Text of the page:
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  1. #1
    Join Date
    Dec 2005
    Location
    Dallas, TX area
    Posts
    267

    Default How would you fix this leak?

    The headquarters of a big name retailer called us Friday. A 14" condenser water line had sprung a leak and needed to be welded. No problem, huh? There was one tiny little challenge to it. The pumps pushing water through this line at right about 45 PSI couldn't be shut off and the repair had to be made while the pipe was pressurized. We finally got it stopped. What a pain. The operators said they couldn't shut the pumps off, even for five minutes until Monday. And, they wanted the leak fixed last night. Fortunately they said those magic words "Whatever it costs". Yep, I'm a happy guy today. I think I'll go pick up that new Spectrum 375-X with my whatever-it-costs money.
    Triggerman

    Ammonia refrigeration tech
    Trailblazer 302 (yes, it's new)
    Millermatic 180 w/Autoset
    CST-250
    HF-15 High frequency
    XR15 w/Push-Pull Gun
    Victor O/A, DeWalt, North mask


    "A professional knows what to do. A craftsman knows why."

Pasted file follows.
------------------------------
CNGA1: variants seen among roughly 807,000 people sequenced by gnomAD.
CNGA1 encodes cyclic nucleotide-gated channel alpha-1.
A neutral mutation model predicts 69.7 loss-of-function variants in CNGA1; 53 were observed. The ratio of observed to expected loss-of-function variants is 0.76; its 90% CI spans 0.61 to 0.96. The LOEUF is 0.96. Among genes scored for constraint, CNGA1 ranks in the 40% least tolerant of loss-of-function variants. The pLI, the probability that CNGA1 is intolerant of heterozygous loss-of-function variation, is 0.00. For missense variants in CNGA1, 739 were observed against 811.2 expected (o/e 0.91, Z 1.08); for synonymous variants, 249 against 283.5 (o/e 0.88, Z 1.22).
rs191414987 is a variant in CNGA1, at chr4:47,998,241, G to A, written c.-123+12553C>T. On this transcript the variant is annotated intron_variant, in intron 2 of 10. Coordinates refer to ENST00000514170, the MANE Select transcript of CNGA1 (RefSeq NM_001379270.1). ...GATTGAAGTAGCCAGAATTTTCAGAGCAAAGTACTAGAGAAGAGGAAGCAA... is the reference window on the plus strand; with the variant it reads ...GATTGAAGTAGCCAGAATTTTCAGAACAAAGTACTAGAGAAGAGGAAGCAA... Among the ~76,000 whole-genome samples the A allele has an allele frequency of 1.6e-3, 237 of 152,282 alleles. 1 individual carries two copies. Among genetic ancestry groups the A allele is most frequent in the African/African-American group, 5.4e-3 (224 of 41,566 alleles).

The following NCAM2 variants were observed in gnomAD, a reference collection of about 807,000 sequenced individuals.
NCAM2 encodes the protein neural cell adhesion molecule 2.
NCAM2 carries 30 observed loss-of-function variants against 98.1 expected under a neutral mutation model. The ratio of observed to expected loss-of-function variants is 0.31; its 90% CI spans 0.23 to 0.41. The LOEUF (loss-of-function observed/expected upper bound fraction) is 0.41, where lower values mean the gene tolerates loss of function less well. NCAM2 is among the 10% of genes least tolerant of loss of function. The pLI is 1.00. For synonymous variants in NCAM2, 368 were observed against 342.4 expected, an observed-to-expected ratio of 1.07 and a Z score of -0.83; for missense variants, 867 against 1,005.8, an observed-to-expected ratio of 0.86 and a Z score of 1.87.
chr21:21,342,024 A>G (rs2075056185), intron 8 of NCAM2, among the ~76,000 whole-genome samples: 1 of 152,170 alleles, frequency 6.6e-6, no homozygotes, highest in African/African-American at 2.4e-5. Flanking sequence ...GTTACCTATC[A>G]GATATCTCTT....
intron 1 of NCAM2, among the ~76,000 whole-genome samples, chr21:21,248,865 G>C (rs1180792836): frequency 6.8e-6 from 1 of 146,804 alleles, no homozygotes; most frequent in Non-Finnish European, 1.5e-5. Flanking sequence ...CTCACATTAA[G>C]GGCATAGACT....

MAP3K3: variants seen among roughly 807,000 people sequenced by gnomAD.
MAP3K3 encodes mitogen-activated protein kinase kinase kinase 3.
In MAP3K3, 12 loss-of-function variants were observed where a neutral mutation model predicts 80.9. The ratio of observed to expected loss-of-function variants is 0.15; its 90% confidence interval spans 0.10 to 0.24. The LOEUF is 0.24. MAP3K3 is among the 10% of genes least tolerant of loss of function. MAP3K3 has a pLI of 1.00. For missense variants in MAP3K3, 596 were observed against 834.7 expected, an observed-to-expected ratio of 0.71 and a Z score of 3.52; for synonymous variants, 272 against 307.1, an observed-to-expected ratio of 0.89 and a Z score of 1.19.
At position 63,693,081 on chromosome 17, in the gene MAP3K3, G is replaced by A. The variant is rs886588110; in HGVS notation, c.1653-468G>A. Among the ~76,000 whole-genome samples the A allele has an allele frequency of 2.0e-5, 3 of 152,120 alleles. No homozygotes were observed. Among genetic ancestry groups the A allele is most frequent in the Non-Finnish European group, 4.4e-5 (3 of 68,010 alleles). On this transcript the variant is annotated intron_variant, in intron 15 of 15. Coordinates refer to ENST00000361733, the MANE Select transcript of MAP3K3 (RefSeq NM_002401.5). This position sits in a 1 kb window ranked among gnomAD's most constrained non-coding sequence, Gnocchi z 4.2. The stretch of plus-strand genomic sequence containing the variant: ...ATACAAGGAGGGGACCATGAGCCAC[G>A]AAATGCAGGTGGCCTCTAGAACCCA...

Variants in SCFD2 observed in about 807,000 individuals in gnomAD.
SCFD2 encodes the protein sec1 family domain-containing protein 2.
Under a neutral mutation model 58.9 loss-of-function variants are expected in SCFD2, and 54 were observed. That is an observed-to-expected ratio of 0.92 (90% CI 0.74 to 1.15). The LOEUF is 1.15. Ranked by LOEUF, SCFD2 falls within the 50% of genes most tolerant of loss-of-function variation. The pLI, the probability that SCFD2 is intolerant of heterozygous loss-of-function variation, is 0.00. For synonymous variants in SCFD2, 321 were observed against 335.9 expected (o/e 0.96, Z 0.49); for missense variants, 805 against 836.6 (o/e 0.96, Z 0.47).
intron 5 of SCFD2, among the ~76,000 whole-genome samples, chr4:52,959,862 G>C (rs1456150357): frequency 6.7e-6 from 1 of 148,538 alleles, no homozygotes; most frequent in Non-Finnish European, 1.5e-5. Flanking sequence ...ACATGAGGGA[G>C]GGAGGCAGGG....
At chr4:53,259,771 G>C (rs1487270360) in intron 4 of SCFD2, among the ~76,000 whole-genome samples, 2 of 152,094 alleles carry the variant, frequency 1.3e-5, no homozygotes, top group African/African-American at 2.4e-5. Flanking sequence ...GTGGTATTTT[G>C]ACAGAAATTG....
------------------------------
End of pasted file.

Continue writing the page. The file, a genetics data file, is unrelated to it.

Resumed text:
2. #2
    Join Date
    Mar 2007
    Posts
    356

    Default

    piece of pipe with same id as od of broken pipe, a piece of tar paper where the pinhole was, clamp the ***** on real tight, and weld the outside edges
    mm210
    maxstar 150

  3. #3
    Join Date
    Mar 2007
    Location
    Vero Beach, fl.
    Posts
    761

    Default How would I fix this?

    I used to work in the citrus and vegetable processing industry for many years and did quite a bit of work in juice manufacturing plants. When ever we had a leak to contend with what we would do is get a piece of pipe that was the same i.d. as the o.d. of the leaky pipe, we would take it and cut it into two pieces and place a piece of gasket material under it and fasten it temporarily with hose clamps. That usually worked until they could shut down and proper repair could be made. The juice plants are all stainless tubing that had to be purged with argon for a sanitary welds. The pasterizing lines were always fun as they contained seven tubes inside the larger tube, the small lines carried the juice and the larger tube chilled it with glycol. The glycol lines were pressurized sometimes up to 2500 p.s.i. Dave
    If necessity is the Mother of Invention, I must be the Father of Desperation!

    John Blewett III 10-22-73 to 8-16-07
    Another racing great gone but not to be forgotten.http://video.google.com/videoplay?do...modified&hl=en

  4. #4
    Join Date
    Mar 2007
    Location
    Oahu, Hawaii
    Posts
    2,469

    Default

    Dave,
    How would you tighten down the "new" collars you made over the gasket material? I've seen plumbers use big hose clamps over gasket material/rubber, but if you use pieces of pipe, how could you cinch it down tight?
    bert
    I'm not late...
    I'm just on Hawaiian Time

  5. #5
    Join Date
    Mar 2007
    Location
    Vero Beach, fl.
    Posts
    761

    Default Bert